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This second course of Lectures was delivered on Lord Gifford's Foundation before the University of St. Andrews during the academic year 1932–3. I have once more to thank both those who appointed me and those who listened to me for doing me so much honour. As for my subject, although so far as I can tell the method remains unchanged since I published Faith, Hope, and Charity in Primitive Religion last year, I have tried to look at the facts in a fresh light, passing on from the aspect of sentiment to that of ritual, and considering the latter with special reference to what I have sought to distinguish as its sacramental features. Such a line of inquiry would, I feel sure, prove almost infinitely fruitful if resolutely followed up, and I can only hope that my treatment of it, however slight, will encourage others to carry on further studies in the same direction. For the rest, some critics of my former book, though very kind on the whole, have accused me of being an optimist. Well, what of it? Cannot we all agree to believe in the destiny of Man, and in the reality of a power of goodness ensuring him a universe essentially worthy of his efforts to be at one alike with it and with himself?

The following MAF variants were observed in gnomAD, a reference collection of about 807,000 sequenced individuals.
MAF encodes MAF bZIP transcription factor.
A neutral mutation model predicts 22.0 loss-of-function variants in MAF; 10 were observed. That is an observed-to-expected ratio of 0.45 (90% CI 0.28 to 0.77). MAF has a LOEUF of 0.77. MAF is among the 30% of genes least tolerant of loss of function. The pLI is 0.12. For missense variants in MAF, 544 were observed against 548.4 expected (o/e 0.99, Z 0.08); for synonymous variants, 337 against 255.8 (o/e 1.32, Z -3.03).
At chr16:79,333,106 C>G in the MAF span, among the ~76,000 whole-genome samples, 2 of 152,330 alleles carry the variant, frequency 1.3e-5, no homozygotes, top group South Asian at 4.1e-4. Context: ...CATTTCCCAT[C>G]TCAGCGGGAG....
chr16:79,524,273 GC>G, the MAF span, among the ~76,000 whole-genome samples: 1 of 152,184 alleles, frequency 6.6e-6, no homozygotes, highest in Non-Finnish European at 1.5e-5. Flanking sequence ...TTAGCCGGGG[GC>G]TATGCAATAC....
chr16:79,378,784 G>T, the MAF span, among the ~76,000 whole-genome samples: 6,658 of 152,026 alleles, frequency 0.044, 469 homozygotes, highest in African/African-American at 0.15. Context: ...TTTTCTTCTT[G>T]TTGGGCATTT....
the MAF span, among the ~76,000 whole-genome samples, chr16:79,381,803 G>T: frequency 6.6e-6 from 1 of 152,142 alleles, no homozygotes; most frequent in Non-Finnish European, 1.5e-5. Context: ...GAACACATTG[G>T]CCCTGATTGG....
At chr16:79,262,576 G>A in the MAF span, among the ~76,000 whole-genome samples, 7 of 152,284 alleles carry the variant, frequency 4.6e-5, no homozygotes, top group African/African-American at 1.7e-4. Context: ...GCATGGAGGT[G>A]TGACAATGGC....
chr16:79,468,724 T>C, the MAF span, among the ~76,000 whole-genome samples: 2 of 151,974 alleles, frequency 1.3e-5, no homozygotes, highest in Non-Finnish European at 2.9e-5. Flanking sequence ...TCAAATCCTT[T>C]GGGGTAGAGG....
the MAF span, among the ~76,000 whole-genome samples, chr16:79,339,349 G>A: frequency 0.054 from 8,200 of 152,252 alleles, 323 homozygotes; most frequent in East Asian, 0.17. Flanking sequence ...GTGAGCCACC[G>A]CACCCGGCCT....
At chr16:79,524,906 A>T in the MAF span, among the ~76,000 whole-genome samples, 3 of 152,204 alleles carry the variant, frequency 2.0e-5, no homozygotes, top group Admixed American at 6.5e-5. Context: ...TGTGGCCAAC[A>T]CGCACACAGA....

R. R. M.


Feb. 6, 1933.